Can we talk about Big Data?

As I read my title I’m hearing a big movie trailer echo voices saying “BIG DATAAAAAAAAAHHHHHHH”.

I am trying to stay away from too political of a discussion here, but I want to discuss Big Data and the election in the USA last night. Pollsters, et al. (all early polling predictors wrapped into one) may have contributed to the events – with Clinton in the lead in many polls Trump supporters may have voted in larger numbers. With Clinton in the lead some voter suppression occurred in ‘key demographic areas’ (also a highly problematic idea). But, what I’d like to focus on instead is the lack of critical cultural engagement of those who design and predict early polls.

I know, critical cultural engagement discussion from a rhetorician, shocking……except not at all. To make sense of the world, I always look to the cultures that supported decisions:

the Greek cultures that developed democracy, early education, and theories of democracy were responding to all of human history at that time period in their effort to move toward citizen-led government. Rhetorical theory developed out of the need to help citizens lead themselves, each other, society not ‘capable’ of having a voice.

the founding fathers culture of taxation without representation led to the American Revolution founded again on Greek ideals of democracy AND eduction. Early American institutions taught rhetoric courses as foundational for education (and privileged women were taught so they could teach their sons, which empowered the Suffragettes to speak publicly, to teach others, and to attempt to create an inclusive woman’s movement – i’m reading idealistically, give me that today).

These aren’t history lessons, these are ways everyday lived cultural experiences shape the world we live in, the ways we think, and the ways we respond to situations. Both the Greeks and the Founding Fathers placed heavy emphasis on rhetorical education – the need for all citizens to understand how to communicate, how communication functions, how culture influences how communication is understood, and ‘proper’ approaches to public communication. Modern rhetorical theory that accounts for multimodality emphasizes the medium and the message as interdependent to sense making – the ease of creating tunnel vision on the internet is widely understood.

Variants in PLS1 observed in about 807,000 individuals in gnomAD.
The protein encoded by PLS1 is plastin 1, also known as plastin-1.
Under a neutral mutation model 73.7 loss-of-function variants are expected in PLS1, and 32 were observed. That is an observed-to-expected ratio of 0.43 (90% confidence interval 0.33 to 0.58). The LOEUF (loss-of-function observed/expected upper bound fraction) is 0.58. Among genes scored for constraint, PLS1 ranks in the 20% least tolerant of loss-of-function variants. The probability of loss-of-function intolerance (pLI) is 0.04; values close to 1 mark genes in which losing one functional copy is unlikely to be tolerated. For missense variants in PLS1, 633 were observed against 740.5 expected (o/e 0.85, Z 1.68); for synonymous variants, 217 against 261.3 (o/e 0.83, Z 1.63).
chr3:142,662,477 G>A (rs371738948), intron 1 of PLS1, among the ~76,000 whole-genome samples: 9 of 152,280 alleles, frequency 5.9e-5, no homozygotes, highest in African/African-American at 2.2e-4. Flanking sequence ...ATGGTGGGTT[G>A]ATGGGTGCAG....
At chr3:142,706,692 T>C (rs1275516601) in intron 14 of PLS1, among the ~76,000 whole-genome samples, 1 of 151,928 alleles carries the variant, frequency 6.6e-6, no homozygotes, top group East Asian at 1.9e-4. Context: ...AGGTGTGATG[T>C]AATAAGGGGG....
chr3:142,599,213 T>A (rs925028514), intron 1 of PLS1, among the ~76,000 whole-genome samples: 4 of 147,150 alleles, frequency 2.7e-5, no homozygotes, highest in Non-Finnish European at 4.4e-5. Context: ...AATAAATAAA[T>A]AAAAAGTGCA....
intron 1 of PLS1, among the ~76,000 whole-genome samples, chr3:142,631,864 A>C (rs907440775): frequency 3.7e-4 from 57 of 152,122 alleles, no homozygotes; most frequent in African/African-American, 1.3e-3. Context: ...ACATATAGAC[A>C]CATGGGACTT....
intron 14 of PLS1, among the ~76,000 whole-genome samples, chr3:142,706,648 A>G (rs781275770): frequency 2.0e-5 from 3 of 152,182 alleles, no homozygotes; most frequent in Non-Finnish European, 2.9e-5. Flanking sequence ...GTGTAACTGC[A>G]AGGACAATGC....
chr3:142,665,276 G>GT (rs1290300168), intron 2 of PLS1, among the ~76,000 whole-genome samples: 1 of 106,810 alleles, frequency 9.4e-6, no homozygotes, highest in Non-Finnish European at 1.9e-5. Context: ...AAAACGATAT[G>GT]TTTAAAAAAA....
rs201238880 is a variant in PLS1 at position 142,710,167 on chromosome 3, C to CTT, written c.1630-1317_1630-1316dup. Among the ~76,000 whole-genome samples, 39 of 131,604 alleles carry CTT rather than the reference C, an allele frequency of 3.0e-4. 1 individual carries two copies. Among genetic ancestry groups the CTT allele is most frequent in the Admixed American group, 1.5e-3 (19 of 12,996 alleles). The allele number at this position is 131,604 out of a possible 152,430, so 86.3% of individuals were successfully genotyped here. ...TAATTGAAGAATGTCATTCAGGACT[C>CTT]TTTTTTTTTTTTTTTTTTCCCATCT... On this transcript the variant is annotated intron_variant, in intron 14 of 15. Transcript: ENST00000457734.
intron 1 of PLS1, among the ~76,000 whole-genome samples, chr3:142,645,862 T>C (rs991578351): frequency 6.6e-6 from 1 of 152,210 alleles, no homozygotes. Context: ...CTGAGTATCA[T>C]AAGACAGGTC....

Ok, so what does this have to do with Big Data (BIG DATAAAAAAAAAAAAHHHHHHHH). Well, everything. What the pollsters et al failed to do when analyzing their Big Data samples was account for cultural understanding and recent cultural movements when offering predictions for said data.

  1. Americans rarely vote for a President of the same party when an incumbent leaves – after Obama served 8 years the pollsters should’ve considered that the last back-to-back Democrats elected for President was 1856. Yes, that’s pre-Civil War America. We could argue about who should’ve been more aware of this Dems or Republicans, but in this case Big Data also lacks critical awareness of voting trends!
    1. Fun Fact – it was Buchanan who was elected, and he hails from PA!
  2. Brexit. Yes, Brexit. While Trump offhandedly compared his possible election to Brexit, this should’ve been a major concern to pollsters reading data (yes UK and USA political systems are vastly different – that’s not the comparison i’m making here). What is going on in elections across the world – who is voting and why? Was the UK/Brexit a direct predictor, no. The unlikelihood of consecutive Democratic Presidents was much more influential than Brexit – but Brexit should’ve indicated the deep unrest and unhappiness of voters in developed countries. Which should’ve then returned pollsters to #1 – when voters are unhappy they want change, the easiest change to make is change the party of the President.

Besides further explaining why English majors should be such a hot commodity because their education (similar to the education designed by the Founding Fathers) influences their critical thinking in all situations (have you tried watching a movie or TV show with a film major or rhetoric major – my husband can explain how much it sucks most of the time), new ways of looking at data would’ve shown some of the American cultural voting issues that predicted this win.

So Big Data – I task you with a simple quest – hire people who know how to think critically!  It’s obvious you will not be believed, assuming you even have a job for future elections, in predictions for future elections. I’ll suggest, rather boldly, English majors, but any Humanities degree would help you analyze information and not look like idiots after an election.

 

P.S. as of this writing, Clinton is ahead in popular votes 47.7% to 47.5%. This means neither candidate won at least 50% of the votes, which is also deeply important to understanding how to serve your constituency (I’m looking at you Trump – you now work for the people of the US you can’t fire anyone who says something you don’t like!).

P.P.S. if the Founding Fathers designed the electoral college to protect US democracy from overly popular candidates who did not have the best interest of the American population in mind, where are they today?

P.P.P.S. what happens when a candidate wins after proclaiming over and over and over and over and over again that the system was rigged? I really think all Americans, American media, and American politics need to look at who voted, who was suppressed, and how our country can address these ideas. The one thing we can all agree on – JOBS! Create jobs for people at all levels of the class system!

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